• Develop a strong brand and professional communication tools from the start of the NGO
  • Ensure to have a few activities running from the start, with clear, measurable results
  • Recruit a small executive team for the first phase of the NGO to facilitate decision-making and allow flexibility and dynamism as the NGO develops
  • Don’t overstretch at the beginning, both in terms of activities, the number of personnel, and the complexity of procedures required by the first funders
  • Expatriates often have an important role to play in the first phases of a local NGO, particularly with technical support and the search for funds

NGO Sustainable development Comoros

The ECDD team with trainser from the Réseau des Educateurs et Professionnels de la Conservation who we made contact with in Madagascar.

Equally important was seeking lessons and advice from some of the success stories of local NGOs in the Comoros. During early to mid-2012 we held discussions with UCEA, Maeecha, CAP, ASCOBEF, and Ulanga Ngazidja. We were very grateful for their generosity in the time they gave to us, and also the enthusiasm they showed for the development of a new NGO in the sector in the Comoros. We were also grateful for advice from Initative Développement, a French NGO that has worked in the Comoros for over a decade and helped with the creation of UCEA, Maeecha, and CAP.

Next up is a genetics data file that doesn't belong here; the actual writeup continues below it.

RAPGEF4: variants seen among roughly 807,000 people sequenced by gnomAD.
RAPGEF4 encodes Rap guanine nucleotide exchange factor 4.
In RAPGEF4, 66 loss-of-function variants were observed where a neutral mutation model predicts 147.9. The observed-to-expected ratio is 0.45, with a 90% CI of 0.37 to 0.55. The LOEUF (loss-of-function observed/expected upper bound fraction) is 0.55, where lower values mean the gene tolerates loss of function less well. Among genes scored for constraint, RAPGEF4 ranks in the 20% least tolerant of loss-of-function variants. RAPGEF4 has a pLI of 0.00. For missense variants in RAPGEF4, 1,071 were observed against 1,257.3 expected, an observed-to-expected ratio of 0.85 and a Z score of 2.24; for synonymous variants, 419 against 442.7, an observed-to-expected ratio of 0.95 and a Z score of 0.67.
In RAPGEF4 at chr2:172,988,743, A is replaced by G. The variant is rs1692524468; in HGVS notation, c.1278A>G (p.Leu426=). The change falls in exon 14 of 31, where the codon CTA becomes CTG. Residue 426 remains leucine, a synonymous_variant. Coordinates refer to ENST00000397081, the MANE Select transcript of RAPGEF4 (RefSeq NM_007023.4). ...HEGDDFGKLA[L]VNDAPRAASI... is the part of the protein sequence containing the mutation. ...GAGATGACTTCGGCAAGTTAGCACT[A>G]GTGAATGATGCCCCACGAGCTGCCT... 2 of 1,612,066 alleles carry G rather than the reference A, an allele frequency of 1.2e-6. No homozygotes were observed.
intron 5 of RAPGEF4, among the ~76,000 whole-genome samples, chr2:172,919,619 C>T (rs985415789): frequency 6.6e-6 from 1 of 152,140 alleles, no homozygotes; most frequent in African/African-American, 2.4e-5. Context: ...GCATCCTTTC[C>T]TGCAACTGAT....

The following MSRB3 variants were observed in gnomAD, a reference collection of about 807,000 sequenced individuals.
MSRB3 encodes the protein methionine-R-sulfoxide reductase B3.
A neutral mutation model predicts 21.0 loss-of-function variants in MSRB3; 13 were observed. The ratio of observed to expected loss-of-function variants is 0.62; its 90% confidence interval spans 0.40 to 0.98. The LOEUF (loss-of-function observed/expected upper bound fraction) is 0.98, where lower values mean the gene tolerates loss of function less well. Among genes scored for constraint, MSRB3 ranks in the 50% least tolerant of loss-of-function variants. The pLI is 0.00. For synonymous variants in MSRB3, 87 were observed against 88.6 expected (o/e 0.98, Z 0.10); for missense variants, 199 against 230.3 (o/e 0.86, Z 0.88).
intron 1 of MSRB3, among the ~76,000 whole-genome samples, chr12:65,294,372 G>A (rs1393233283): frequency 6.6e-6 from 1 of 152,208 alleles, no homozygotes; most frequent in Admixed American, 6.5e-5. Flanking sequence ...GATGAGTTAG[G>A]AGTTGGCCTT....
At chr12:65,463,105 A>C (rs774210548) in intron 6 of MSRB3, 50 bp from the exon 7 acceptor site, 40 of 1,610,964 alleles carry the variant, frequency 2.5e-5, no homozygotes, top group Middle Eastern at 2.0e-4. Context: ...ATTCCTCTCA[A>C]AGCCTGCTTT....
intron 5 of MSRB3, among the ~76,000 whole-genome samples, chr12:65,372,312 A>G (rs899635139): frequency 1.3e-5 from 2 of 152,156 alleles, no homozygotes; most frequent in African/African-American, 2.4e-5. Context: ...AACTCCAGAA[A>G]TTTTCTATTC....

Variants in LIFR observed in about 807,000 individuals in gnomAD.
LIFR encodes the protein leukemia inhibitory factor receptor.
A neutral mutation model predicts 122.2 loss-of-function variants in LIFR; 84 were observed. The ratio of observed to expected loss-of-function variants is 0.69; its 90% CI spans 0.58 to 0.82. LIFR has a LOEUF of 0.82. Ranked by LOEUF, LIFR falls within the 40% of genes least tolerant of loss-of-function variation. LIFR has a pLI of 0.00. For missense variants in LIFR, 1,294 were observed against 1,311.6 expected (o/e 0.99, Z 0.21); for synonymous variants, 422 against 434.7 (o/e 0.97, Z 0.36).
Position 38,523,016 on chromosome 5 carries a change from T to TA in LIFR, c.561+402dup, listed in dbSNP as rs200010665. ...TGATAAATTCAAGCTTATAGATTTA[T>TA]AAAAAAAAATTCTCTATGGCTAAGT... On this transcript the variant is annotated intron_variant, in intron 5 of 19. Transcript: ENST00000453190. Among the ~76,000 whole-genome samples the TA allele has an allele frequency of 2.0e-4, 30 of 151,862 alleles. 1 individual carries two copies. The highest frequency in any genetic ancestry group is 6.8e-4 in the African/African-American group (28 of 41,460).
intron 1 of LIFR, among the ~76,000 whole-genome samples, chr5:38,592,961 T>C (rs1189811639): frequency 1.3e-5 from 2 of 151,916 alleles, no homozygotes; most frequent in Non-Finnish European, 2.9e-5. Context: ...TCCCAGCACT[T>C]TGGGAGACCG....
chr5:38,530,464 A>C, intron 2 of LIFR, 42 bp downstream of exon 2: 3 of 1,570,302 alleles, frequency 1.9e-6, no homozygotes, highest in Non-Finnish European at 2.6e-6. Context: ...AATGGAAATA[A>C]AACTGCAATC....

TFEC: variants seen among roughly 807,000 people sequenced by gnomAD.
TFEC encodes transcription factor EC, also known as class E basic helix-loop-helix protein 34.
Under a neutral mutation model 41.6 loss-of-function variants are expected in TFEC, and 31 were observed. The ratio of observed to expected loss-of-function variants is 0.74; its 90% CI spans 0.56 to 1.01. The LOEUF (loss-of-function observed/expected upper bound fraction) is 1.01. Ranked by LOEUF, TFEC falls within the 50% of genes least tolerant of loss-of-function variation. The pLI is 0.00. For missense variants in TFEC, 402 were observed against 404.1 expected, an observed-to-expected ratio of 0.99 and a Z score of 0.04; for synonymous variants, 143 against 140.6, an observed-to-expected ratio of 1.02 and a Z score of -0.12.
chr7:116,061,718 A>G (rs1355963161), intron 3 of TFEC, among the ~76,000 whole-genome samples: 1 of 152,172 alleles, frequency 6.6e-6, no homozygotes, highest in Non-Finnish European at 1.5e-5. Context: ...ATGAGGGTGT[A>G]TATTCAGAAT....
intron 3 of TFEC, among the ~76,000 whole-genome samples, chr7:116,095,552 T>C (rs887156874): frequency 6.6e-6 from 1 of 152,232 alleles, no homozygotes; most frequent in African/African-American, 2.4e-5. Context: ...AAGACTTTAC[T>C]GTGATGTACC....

The discussions were very helpful, and we took another set of important lessons more specific to the context of the country, including:

  • Separate members of the NGO and particularly of the board of trustees from paid employees, in order to avoid conflicts of interest
  • Involve members from Grande Comore and Mohéli, and seek to develop activities there from the start, even if most initial work is concentrated just on Anjouan, so that the NGO is seen as a national organisation
  • There are few funding sources in the Comoros, but nonetheless it’s important to try and have a diversity of funders to avoid dependency – one way of doing this is to have actions covering different domains, another is to develop revenue-generating activities
  • Be clear on the role of the members and ensure that each member has a role to play outside of general assemblies, and are engaged in the activities

NGO sustainable development Comoros

The first meeting of the steering group

A steering group to lead the development of the NGO